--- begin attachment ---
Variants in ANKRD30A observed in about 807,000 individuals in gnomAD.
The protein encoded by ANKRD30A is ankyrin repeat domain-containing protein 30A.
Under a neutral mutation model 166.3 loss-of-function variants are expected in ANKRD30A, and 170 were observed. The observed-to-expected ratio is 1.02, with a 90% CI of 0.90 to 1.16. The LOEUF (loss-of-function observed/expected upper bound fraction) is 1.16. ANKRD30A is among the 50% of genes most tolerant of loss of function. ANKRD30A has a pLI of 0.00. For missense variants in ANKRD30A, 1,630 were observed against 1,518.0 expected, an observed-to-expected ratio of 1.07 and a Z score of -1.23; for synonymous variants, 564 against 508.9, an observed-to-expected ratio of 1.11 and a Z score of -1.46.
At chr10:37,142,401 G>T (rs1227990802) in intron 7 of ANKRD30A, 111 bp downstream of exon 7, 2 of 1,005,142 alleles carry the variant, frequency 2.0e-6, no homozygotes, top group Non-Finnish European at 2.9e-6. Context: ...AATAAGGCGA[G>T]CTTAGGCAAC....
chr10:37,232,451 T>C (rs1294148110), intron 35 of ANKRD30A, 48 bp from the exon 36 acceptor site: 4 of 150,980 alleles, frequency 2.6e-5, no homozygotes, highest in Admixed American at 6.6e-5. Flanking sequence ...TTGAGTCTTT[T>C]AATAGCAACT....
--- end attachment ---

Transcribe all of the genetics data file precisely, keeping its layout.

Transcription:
Variants in ANKRD30A observed in about 807,000 individuals in gnomAD.
The protein encoded by ANKRD30A is ankyrin repeat domain-containing protein 30A.
Under a neutral mutation model 166.3 loss-of-function variants are expected in ANKRD30A, and 170 were observed. The observed-to-expected ratio is 1.02, with a 90% CI of 0.90 to 1.16. The LOEUF (loss-of-function observed/expected upper bound fraction) is 1.16. ANKRD30A is among the 50% of genes most tolerant of loss of function. ANKRD30A has a pLI of 0.00. For missense variants in ANKRD30A, 1,630 were observed against 1,518.0 expected, an observed-to-expected ratio of 1.07 and a Z score of -1.23; for synonymous variants, 564 against 508.9, an observed-to-expected ratio of 1.11 and a Z score of -1.46.
At chr10:37,142,401 G>T (rs1227990802) in intron 7 of ANKRD30A, 111 bp downstream of exon 7, 2 of 1,005,142 alleles carry the variant, frequency 2.0e-6, no homozygotes, top group Non-Finnish European at 2.9e-6. Context: ...AATAAGGCGA[G>T]CTTAGGCAAC....
chr10:37,232,451 T>C (rs1294148110), intron 35 of ANKRD30A, 48 bp from the exon 36 acceptor site: 4 of 150,980 alleles, frequency 2.6e-5, no homozygotes, highest in Admixed American at 6.6e-5. Flanking sequence ...TTGAGTCTTT[T>C]AATAGCAACT....